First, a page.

Gov. Charlie Baker and Lt. Gov. Karyn Polito stressed a “Focus on Housing” in Massachusetts during a tour Friday of Lyman Terrace, a 167-unit complex undergoing a $60 million transformation.
Baker and Polito crossed the state a day after the start of their second term in office. Baker and his team made stops in Lee, Springfield, Worcester and the one-hour appearance in Holyoke.
Lyman Terrace, built as Depression era housing in 1939, nearly faced the wrecking ball only a few years back. Tenants, local groups and city government opposed the demolition scheme, favoring a wholesale renovation of the then cramped, below standard apartments.
The Holyoke Housing Authority owns and operates Lyman Terrace, located a short walk from City Hall.
Baker said the state continues to fall short in meeting future housing needs. He visited Lyman Terrace in the summer of 2015. “The road and the journey to get to this point is a long and difficult one,” he said.
The governor said the project experienced “fits and starts,” delays and rejiggering the final vision for Lyman Terrace. “We don’t invest in things we don’t think are going to be successful,” he said.
Baker said his administration examines a project’s worthiness, the team in place and if there is widespread support. “I don’t want to make empty promises. I don’t want us to engage in commitments we can’t deliver on,” he said.
He wants to ensure projects like Lyman Terrace are fully funded and ready to commence.
“This was an important stop for the both of us,” Baker said. “It reflects a lot of key issues and opportunities associated with not only the way we think about housing but the way we think about community building, community development, and partnerships and possibilities.”
Baker called for passage of a new housing bill in the current term. “We in Massachusetts struggle to build housing. We just do,” he said. “Some of it’s the way the game is played. Some of it’s the way the rules are set up. Some of it’s we don’t appreciate the holistic issues that are at play here.”
The governor wants more cooperation in meeting the housing needs for future generations. “If we don’t, the supply we have is never going make it,” he said.
Polito wanted to highlight the impacts housing and economic and community development have on a community. She said the city partnered with state agencies and local nonprofits to make the Lyman Terrace renovations possible.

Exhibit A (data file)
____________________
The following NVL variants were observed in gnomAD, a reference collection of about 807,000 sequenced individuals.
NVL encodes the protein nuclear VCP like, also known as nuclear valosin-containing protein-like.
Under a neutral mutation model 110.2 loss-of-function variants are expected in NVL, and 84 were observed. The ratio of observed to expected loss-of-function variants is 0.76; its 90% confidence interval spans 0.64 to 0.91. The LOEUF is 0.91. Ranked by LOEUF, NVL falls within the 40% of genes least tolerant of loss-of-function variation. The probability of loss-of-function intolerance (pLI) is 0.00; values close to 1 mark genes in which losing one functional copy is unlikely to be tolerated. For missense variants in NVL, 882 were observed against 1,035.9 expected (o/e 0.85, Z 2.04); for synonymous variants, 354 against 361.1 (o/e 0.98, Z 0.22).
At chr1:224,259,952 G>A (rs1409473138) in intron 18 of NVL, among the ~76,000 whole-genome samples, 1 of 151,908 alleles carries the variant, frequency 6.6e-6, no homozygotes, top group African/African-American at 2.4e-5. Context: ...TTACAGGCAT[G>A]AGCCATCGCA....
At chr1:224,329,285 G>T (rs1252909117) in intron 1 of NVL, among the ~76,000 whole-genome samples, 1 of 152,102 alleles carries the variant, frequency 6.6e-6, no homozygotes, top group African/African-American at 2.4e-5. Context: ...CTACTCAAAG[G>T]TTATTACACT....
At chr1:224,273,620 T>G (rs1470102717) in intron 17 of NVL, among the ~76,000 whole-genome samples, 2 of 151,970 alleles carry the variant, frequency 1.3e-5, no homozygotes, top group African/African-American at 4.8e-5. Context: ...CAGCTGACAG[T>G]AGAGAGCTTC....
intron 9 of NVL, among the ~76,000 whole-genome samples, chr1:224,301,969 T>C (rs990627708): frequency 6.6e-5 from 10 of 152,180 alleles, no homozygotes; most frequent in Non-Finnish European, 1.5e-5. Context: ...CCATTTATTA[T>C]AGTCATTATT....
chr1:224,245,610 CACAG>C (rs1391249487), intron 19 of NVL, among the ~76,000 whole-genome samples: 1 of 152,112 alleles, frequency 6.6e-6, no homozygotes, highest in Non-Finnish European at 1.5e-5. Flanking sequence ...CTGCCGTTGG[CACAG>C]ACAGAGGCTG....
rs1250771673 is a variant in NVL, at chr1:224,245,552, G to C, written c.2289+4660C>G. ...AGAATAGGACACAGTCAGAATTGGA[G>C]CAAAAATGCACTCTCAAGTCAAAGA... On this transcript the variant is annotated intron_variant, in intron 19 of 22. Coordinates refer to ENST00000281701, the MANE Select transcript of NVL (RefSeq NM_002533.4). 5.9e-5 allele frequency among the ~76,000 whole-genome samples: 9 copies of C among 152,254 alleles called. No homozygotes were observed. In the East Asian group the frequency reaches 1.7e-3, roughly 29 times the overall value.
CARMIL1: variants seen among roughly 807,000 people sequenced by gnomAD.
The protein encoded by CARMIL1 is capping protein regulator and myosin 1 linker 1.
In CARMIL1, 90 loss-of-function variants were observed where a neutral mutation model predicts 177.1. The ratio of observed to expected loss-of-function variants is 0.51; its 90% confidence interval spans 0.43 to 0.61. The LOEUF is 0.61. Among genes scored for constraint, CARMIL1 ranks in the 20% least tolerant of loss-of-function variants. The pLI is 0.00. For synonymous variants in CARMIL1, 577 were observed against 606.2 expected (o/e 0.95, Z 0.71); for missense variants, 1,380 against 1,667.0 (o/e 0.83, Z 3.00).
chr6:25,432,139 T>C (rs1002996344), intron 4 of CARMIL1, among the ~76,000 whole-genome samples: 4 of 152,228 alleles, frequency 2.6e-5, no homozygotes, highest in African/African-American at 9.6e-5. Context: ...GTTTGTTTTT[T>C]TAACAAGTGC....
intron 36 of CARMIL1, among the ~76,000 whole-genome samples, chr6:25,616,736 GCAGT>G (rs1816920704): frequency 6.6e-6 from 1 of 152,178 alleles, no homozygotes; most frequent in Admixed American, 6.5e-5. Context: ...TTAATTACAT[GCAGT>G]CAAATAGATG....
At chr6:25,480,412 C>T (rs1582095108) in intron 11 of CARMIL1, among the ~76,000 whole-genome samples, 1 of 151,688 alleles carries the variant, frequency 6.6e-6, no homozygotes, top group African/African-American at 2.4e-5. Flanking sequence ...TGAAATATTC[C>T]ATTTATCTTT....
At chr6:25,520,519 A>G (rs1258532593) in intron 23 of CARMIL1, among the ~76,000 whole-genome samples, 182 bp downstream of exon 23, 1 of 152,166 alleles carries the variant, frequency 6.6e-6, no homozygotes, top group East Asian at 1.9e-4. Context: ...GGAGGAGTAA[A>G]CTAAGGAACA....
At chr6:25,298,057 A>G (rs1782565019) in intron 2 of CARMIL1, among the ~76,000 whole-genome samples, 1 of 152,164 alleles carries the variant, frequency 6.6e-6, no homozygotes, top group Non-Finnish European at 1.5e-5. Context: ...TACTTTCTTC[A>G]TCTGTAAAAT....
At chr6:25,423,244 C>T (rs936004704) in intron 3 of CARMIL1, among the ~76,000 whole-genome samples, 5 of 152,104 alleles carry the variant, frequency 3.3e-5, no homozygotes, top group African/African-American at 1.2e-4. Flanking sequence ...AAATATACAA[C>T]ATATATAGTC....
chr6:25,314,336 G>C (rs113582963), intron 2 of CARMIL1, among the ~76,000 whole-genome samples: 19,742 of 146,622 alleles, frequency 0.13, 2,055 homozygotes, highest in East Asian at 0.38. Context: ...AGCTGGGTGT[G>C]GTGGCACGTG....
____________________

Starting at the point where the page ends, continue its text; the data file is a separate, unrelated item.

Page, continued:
Matthew A. Mainville, the Holyoke Housing Authority executive director, led Baker, Polito and state housing officials on the tour, which included viewing a pre-renovated unit in need of serious repair and a newly renovated apartment occupied by Sonia Gonzalez, a longtime resident who led the effort to save Lyman Terrace.
Mainville said 88 of the 167 one-and-two bedrooms apartments are reoccupied. The apartments contain new kitchen appliances, wood-laminated floors, washers and dryers, updated bathrooms, energy-efficient windows and more secure doors.
A series of federal and state housing grants and tax credits support the project, including grants from MassWorks. The housing authority obtained an additional $20 million in funding to build a community center at Lyman Terrace.
Mainville said the administration is a model for bipartisan cooperation, which their “federal counterparts could learn from.” He said the Baker-Polito Administration identifies critical issues germane to Massachusetts, such as housing, education, and economic development
“The Baker-Polito Administration understands that without good housing, achieving one’s goals becomes infinitely more difficult,” Mainville said. Without good housing, succeeding in school, living a healthy lifestyle or obtaining gainful employment is nearly impossible.”
In 2018, the Baker Administration pushed and secured a $1.8 billion affordable housing bond, the largest in the commonwealth’s history. The state allocated $600 million for public housing modernization and redevelopment, which included a boost in housing subsidies.
Mainville said Lyman Terrace represents the positive effect such funding has on a community. He said the complex now offers stable housing for residents.
The Holyoke Housing Authority partnered with Community Builders, a Northampton nonprofit, on the Lyman Terrace project.
Housing authority commissioners, state Rep. Aaron Vega, D-Holyoke, and Marcos Marrero, the director of the Holyoke Economic and Planning Department, were in attendance.